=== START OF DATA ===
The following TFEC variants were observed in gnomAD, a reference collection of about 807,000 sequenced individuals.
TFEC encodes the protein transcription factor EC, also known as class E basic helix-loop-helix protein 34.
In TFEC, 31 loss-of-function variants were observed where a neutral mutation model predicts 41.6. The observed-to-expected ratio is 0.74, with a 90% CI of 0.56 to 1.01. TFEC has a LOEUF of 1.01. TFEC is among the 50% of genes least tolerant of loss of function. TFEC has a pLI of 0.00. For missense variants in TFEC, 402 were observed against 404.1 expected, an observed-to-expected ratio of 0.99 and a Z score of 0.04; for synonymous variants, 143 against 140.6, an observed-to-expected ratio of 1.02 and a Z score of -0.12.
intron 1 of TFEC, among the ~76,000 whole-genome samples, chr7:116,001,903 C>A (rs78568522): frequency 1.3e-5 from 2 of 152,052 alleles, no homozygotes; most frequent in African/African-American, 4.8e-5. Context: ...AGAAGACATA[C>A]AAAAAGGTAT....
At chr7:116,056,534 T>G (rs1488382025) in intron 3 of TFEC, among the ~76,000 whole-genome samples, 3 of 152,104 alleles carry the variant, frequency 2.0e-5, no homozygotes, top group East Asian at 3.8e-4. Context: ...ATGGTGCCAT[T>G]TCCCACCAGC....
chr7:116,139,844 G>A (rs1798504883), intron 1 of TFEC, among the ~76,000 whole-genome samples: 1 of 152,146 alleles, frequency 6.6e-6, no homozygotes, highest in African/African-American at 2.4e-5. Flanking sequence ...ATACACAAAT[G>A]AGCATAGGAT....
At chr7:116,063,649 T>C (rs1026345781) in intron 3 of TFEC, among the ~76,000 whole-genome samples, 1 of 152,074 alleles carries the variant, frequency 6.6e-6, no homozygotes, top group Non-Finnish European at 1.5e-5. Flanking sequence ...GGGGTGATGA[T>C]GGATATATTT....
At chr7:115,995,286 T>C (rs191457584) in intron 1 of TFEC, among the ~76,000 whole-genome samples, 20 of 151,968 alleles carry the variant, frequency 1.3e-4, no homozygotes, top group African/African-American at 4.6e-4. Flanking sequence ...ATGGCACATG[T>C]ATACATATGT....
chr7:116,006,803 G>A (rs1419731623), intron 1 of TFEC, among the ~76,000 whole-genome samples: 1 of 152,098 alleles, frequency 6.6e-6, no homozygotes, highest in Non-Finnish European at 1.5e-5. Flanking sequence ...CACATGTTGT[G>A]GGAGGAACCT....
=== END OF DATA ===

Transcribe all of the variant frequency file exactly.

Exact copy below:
The following TFEC variants were observed in gnomAD, a reference collection of about 807,000 sequenced individuals.
TFEC encodes the protein transcription factor EC, also known as class E basic helix-loop-helix protein 34.
In TFEC, 31 loss-of-function variants were observed where a neutral mutation model predicts 41.6. The observed-to-expected ratio is 0.74, with a 90% CI of 0.56 to 1.01. TFEC has a LOEUF of 1.01. TFEC is among the 50% of genes least tolerant of loss of function. TFEC has a pLI of 0.00. For missense variants in TFEC, 402 were observed against 404.1 expected, an observed-to-expected ratio of 0.99 and a Z score of 0.04; for synonymous variants, 143 against 140.6, an observed-to-expected ratio of 1.02 and a Z score of -0.12.
intron 1 of TFEC, among the ~76,000 whole-genome samples, chr7:116,001,903 C>A (rs78568522): frequency 1.3e-5 from 2 of 152,052 alleles, no homozygotes; most frequent in African/African-American, 4.8e-5. Context: ...AGAAGACATA[C>A]AAAAAGGTAT....
At chr7:116,056,534 T>G (rs1488382025) in intron 3 of TFEC, among the ~76,000 whole-genome samples, 3 of 152,104 alleles carry the variant, frequency 2.0e-5, no homozygotes, top group East Asian at 3.8e-4. Context: ...ATGGTGCCAT[T>G]TCCCACCAGC....
chr7:116,139,844 G>A (rs1798504883), intron 1 of TFEC, among the ~76,000 whole-genome samples: 1 of 152,146 alleles, frequency 6.6e-6, no homozygotes, highest in African/African-American at 2.4e-5. Flanking sequence ...ATACACAAAT[G>A]AGCATAGGAT....
At chr7:116,063,649 T>C (rs1026345781) in intron 3 of TFEC, among the ~76,000 whole-genome samples, 1 of 152,074 alleles carries the variant, frequency 6.6e-6, no homozygotes, top group Non-Finnish European at 1.5e-5. Flanking sequence ...GGGGTGATGA[T>C]GGATATATTT....
At chr7:115,995,286 T>C (rs191457584) in intron 1 of TFEC, among the ~76,000 whole-genome samples, 20 of 151,968 alleles carry the variant, frequency 1.3e-4, no homozygotes, top group African/African-American at 4.6e-4. Flanking sequence ...ATGGCACATG[T>C]ATACATATGT....
chr7:116,006,803 G>A (rs1419731623), intron 1 of TFEC, among the ~76,000 whole-genome samples: 1 of 152,098 alleles, frequency 6.6e-6, no homozygotes, highest in Non-Finnish European at 1.5e-5. Flanking sequence ...CACATGTTGT[G>A]GGAGGAACCT....